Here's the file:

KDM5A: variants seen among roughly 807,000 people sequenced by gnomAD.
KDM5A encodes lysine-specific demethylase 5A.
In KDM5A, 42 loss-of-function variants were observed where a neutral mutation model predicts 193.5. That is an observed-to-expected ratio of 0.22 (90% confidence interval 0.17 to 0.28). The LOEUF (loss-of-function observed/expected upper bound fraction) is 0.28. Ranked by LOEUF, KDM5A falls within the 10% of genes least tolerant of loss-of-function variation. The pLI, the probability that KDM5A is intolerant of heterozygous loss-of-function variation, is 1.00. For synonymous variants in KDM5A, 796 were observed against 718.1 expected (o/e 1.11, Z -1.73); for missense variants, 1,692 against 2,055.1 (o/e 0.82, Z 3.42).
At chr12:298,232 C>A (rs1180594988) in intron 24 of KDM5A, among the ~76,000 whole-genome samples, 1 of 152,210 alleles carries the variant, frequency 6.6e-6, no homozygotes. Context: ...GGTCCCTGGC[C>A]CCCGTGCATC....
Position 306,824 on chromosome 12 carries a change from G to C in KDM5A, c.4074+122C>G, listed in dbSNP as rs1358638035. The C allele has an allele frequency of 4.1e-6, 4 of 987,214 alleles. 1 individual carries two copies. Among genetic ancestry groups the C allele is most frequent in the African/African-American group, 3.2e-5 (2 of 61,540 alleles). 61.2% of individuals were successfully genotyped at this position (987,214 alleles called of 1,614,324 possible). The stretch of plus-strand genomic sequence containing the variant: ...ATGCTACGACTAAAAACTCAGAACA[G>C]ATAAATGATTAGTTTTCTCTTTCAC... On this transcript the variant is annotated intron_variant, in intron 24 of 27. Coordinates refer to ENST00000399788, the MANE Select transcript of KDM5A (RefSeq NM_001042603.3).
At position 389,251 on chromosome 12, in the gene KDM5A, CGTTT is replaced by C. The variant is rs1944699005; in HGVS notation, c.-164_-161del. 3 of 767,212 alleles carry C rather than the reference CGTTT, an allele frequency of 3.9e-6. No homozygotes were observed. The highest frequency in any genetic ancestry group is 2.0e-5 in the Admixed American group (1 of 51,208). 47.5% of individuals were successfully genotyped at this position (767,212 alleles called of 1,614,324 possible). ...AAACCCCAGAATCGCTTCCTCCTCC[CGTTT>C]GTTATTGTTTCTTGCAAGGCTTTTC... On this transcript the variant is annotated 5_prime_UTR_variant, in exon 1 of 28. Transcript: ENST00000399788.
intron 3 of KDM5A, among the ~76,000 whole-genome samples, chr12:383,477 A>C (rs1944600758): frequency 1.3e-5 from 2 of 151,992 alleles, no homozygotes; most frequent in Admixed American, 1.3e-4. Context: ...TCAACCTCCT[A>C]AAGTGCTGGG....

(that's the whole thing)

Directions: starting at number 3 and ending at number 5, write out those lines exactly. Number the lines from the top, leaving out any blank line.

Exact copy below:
In KDM5A, 42 loss-of-function variants were observed where a neutral mutation model predicts 193.5. That is an observed-to-expected ratio of 0.22 (90% confidence interval 0.17 to 0.28). The LOEUF (loss-of-function observed/expected upper bound fraction) is 0.28. Ranked by LOEUF, KDM5A falls within the 10% of genes least tolerant of loss-of-function variation. The pLI, the probability that KDM5A is intolerant of heterozygous loss-of-function variation, is 1.00. For synonymous variants in KDM5A, 796 were observed against 718.1 expected (o/e 1.11, Z -1.73); for missense variants, 1,692 against 2,055.1 (o/e 0.82, Z 3.42).
At chr12:298,232 C>A (rs1180594988) in intron 24 of KDM5A, among the ~76,000 whole-genome samples, 1 of 152,210 alleles carries the variant, frequency 6.6e-6, no homozygotes. Context: ...GGTCCCTGGC[C>A]CCCGTGCATC....
Position 306,824 on chromosome 12 carries a change from G to C in KDM5A, c.4074+122C>G, listed in dbSNP as rs1358638035. The C allele has an allele frequency of 4.1e-6, 4 of 987,214 alleles. 1 individual carries two copies. Among genetic ancestry groups the C allele is most frequent in the African/African-American group, 3.2e-5 (2 of 61,540 alleles). 61.2% of individuals were successfully genotyped at this position (987,214 alleles called of 1,614,324 possible). The stretch of plus-strand genomic sequence containing the variant: ...ATGCTACGACTAAAAACTCAGAACA[G>C]ATAAATGATTAGTTTTCTCTTTCAC... On this transcript the variant is annotated intron_variant, in intron 24 of 27. Coordinates refer to ENST00000399788, the MANE Select transcript of KDM5A (RefSeq NM_001042603.3).